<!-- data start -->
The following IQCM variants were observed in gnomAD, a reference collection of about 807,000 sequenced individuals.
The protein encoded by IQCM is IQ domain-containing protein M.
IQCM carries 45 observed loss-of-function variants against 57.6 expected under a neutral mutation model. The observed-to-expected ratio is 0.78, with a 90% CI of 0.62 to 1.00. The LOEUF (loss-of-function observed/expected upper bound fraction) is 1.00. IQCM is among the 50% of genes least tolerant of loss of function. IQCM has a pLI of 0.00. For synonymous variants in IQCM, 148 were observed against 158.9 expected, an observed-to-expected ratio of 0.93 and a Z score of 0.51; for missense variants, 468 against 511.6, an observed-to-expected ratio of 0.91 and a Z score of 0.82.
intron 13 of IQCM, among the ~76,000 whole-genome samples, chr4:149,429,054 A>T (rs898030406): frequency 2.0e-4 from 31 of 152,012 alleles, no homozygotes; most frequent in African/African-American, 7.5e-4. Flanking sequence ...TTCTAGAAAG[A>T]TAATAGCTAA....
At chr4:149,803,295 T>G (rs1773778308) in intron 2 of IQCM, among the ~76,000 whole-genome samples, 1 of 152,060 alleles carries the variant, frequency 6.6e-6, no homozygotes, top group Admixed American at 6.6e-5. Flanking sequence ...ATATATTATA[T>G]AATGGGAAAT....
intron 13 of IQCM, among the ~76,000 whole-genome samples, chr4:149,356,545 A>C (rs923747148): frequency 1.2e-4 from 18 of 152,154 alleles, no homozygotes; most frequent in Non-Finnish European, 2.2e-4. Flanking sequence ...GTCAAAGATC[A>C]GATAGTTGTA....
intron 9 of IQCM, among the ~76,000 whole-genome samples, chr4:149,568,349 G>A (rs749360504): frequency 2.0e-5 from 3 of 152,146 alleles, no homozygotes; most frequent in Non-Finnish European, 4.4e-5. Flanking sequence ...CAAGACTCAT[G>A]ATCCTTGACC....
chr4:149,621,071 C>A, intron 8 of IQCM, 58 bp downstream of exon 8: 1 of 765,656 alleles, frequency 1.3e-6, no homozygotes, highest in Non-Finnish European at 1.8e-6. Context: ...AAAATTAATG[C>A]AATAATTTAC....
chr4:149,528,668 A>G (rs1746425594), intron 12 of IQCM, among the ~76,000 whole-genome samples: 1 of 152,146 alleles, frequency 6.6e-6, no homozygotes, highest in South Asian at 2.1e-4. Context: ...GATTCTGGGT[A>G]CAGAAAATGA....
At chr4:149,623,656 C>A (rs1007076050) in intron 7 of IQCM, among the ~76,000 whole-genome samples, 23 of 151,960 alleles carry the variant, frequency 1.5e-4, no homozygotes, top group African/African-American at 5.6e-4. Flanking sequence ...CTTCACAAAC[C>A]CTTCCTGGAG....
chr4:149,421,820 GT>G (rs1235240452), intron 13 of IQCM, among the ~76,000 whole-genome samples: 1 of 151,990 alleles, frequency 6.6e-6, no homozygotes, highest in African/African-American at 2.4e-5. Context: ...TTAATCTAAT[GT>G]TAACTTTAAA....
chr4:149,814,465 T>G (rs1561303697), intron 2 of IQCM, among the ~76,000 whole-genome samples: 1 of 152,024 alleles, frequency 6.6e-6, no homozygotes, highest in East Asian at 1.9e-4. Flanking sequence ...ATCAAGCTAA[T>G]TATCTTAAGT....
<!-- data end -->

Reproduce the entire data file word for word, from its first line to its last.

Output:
The following IQCM variants were observed in gnomAD, a reference collection of about 807,000 sequenced individuals.
The protein encoded by IQCM is IQ domain-containing protein M.
IQCM carries 45 observed loss-of-function variants against 57.6 expected under a neutral mutation model. The observed-to-expected ratio is 0.78, with a 90% CI of 0.62 to 1.00. The LOEUF (loss-of-function observed/expected upper bound fraction) is 1.00. IQCM is among the 50% of genes least tolerant of loss of function. IQCM has a pLI of 0.00. For synonymous variants in IQCM, 148 were observed against 158.9 expected, an observed-to-expected ratio of 0.93 and a Z score of 0.51; for missense variants, 468 against 511.6, an observed-to-expected ratio of 0.91 and a Z score of 0.82.
intron 13 of IQCM, among the ~76,000 whole-genome samples, chr4:149,429,054 A>T (rs898030406): frequency 2.0e-4 from 31 of 152,012 alleles, no homozygotes; most frequent in African/African-American, 7.5e-4. Flanking sequence ...TTCTAGAAAG[A>T]TAATAGCTAA....
At chr4:149,803,295 T>G (rs1773778308) in intron 2 of IQCM, among the ~76,000 whole-genome samples, 1 of 152,060 alleles carries the variant, frequency 6.6e-6, no homozygotes, top group Admixed American at 6.6e-5. Flanking sequence ...ATATATTATA[T>G]AATGGGAAAT....
intron 13 of IQCM, among the ~76,000 whole-genome samples, chr4:149,356,545 A>C (rs923747148): frequency 1.2e-4 from 18 of 152,154 alleles, no homozygotes; most frequent in Non-Finnish European, 2.2e-4. Flanking sequence ...GTCAAAGATC[A>C]GATAGTTGTA....
intron 9 of IQCM, among the ~76,000 whole-genome samples, chr4:149,568,349 G>A (rs749360504): frequency 2.0e-5 from 3 of 152,146 alleles, no homozygotes; most frequent in Non-Finnish European, 4.4e-5. Flanking sequence ...CAAGACTCAT[G>A]ATCCTTGACC....
chr4:149,621,071 C>A, intron 8 of IQCM, 58 bp downstream of exon 8: 1 of 765,656 alleles, frequency 1.3e-6, no homozygotes, highest in Non-Finnish European at 1.8e-6. Context: ...AAAATTAATG[C>A]AATAATTTAC....
chr4:149,528,668 A>G (rs1746425594), intron 12 of IQCM, among the ~76,000 whole-genome samples: 1 of 152,146 alleles, frequency 6.6e-6, no homozygotes, highest in South Asian at 2.1e-4. Context: ...GATTCTGGGT[A>G]CAGAAAATGA....
At chr4:149,623,656 C>A (rs1007076050) in intron 7 of IQCM, among the ~76,000 whole-genome samples, 23 of 151,960 alleles carry the variant, frequency 1.5e-4, no homozygotes, top group African/African-American at 5.6e-4. Flanking sequence ...CTTCACAAAC[C>A]CTTCCTGGAG....
chr4:149,421,820 GT>G (rs1235240452), intron 13 of IQCM, among the ~76,000 whole-genome samples: 1 of 151,990 alleles, frequency 6.6e-6, no homozygotes, highest in African/African-American at 2.4e-5. Context: ...TTAATCTAAT[GT>G]TAACTTTAAA....
chr4:149,814,465 T>G (rs1561303697), intron 2 of IQCM, among the ~76,000 whole-genome samples: 1 of 152,024 alleles, frequency 6.6e-6, no homozygotes, highest in East Asian at 1.9e-4. Flanking sequence ...ATCAAGCTAA[T>G]TATCTTAAGT....